President Trump has warned the US is "targeting" 52 Iranian sites and will strike "very fast and very hard" if Tehran attacks Americans or US assets.
The president's remarks followed the US assassination of Qasem Soleimani, a top Iranian general, in a drone strike.
Soleimani's killing was a major escalation between the two nations, and Iran vowed to take "severe revenge".
Writing on Twitter, Mr Trump accused Iran of "talking very boldly about targeting certain USA assets".
He said the US had identified 52 Iranian sites, some "at a very high level & important to Iran & the Iranian culture", and warned they would be "HIT VERY FAST AND HARD" if Tehran struck at the US.
The president said the targets represented 52 Americans who were held hostage in Iran for more than a year from late 1979 after they were taken from the US embassy in Tehran.
Shortly after the president's tweets were posted, the website of a US government agency appeared to have been hacked by a group calling itself "Iran Cyber Security Group Hackers". A message on the American Federal Depository Library Programme site read: "This is a message from the Islamic Republic of Iran.
"We will not stop supporting our friends in the region: the oppressed people of Palestine, the oppressed people of Yemen, the people and the Syrian government, the people and government of Iraq, the oppressed people of Bahrain, the true Mujahideen resistance in Lebanon and Palestine, [they] will always be supported by us."
The web page contained a doctored image of President Trump, depicting him being hit in the face and bleeding at the mouth. "This is only small part of Iran's cyber ability!" read text on the site.
What happened earlier on Saturday?
Mr Trump's tweets followed a huge funeral procession for General Soleimani held in Baghdad, where he was killed in a targeted drone strike on Friday as he left the airport in a convoy. Mourners waved Iraqi and militia flags and chanted "death to America".
Several rocket attacks shook the area shortly after the procession, including one in the Green Zone near the US embassy. The Iraqi military said nobody had been hurt.
No group immediately claimed responsibility for the rocket attacks. Pro-Iranian militants have been blamed for other recent attacks.
Soleimani's body arrived back in Iran on Sunday, the country's IRIB news agency reported.
With Iran already threatening harsh reprisals for the killing of the Quds Force commander, President Trump has clearly determined that the best way to de-escalate is to raise the stakes in advance, making clear what will happen if Tehran follows through on its threats.
The Trump tweet is curious in many ways - not least the symbolic mention of 52 Iranian targets being held at risk - a reference to the 52 US hostages seized in the US Embassy in Tehran back in November 1979.
His mention of targets important "to the Iranian culture" suggests a much wider target list than just leadership, military or economic sites.
President Trump is struggling to establish some kind of deterrence. But the ball is now very clearly in Iran's court and it is very hard to see how Tehran can fail to act.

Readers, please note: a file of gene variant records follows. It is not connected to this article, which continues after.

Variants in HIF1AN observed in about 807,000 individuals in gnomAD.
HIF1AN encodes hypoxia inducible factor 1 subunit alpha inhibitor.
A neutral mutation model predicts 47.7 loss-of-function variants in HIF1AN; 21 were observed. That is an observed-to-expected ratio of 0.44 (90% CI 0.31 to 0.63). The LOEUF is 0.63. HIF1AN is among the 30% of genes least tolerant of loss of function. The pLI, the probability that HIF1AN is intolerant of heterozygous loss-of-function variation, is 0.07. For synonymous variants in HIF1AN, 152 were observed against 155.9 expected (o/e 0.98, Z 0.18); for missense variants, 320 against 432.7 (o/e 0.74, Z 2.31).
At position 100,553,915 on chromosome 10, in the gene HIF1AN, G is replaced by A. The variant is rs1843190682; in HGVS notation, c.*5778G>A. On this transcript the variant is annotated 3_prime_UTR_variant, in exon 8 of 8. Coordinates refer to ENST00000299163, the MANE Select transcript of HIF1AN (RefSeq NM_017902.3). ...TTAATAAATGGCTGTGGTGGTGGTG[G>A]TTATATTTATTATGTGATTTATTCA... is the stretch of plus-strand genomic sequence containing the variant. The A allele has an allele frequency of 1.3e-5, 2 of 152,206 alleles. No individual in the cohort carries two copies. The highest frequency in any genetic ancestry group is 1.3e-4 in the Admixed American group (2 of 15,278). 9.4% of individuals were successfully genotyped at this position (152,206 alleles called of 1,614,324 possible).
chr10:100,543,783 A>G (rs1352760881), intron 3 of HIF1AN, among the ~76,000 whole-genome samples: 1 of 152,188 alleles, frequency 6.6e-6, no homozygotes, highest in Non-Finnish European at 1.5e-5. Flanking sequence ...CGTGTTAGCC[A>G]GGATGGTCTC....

Mr Trump has pursued a contradictory policy ever since he abandoned the nuclear agreement with Tehran - increasing economic pressure, threatening military action, but actually doing very little, even when Iran shot down a sophisticated US drone and struck oil installations in Saudi Arabia.
Above all, he has repeatedly underscored his and Washington's fatigue with its military involvement in the region. This as much as anything else has undermined US deterrence, something Mr Trump is now seeking, belatedly, to restore.
Why did the US kill Soleimani?
General Soleimani was widely seen as the second most powerful figure in Iran, behind Supreme Leader Ayatollah Ali Khamenei.
The 62-year-old spearheaded Iran's Middle East operations as head of the elite Quds Force, and was hailed as a heroic national figure.
But the US branded the commander and the Quds Force terrorists, holding them responsible for the deaths of hundreds of US personnel.
Speaking on Friday afternoon, President Trump said Soleimani was "plotting imminent and sinister attacks" on US diplomats and military personnel in Iraq and elsewhere in the region.
The general was killed by an air strike at Baghdad airport early on Friday, on the orders of President Trump. The president said the action was taken to stop, not start, a war.
Iran's Ayatollah Khamenei said "severe revenge awaits the criminals" behind the US attack. Soleimani's death would double "resistance" against the US and Israel, he added.
Iraqis are also mourning the death of Abu Mahdi al-Muhandis, an Iraqi who commanded the Iranian-backed Kataib Hezbollah group and was killed along with Soleimani.
The group issued a warning to Iraqi security forces to "stay clear of American bases by a distance not less [than] 1,000m (0.6 miles) starting Sunday evening", al-Mayadeen TV reported.
In response to Iranian threats of revenge, the US has sent 3,000 more troops to the Middle East and advised its citizens to leave Iraq.
On Saturday the White House sent the US Congress formal notification of Friday's drone strike - in line with a 1973 law that states the administration must alert Congress within 48 hours of committing armed forces to immediate or imminent military action.
It was expected to clarify the authority under which the strike was launched, and the expected type and duration of military involvement. The notification is classified.
Nancy Pelosi, the top Congressional Democrat, said it "prompts serious and urgent questions about the timing, manner and justification of the administration's decision to engage in hostilities against Iran".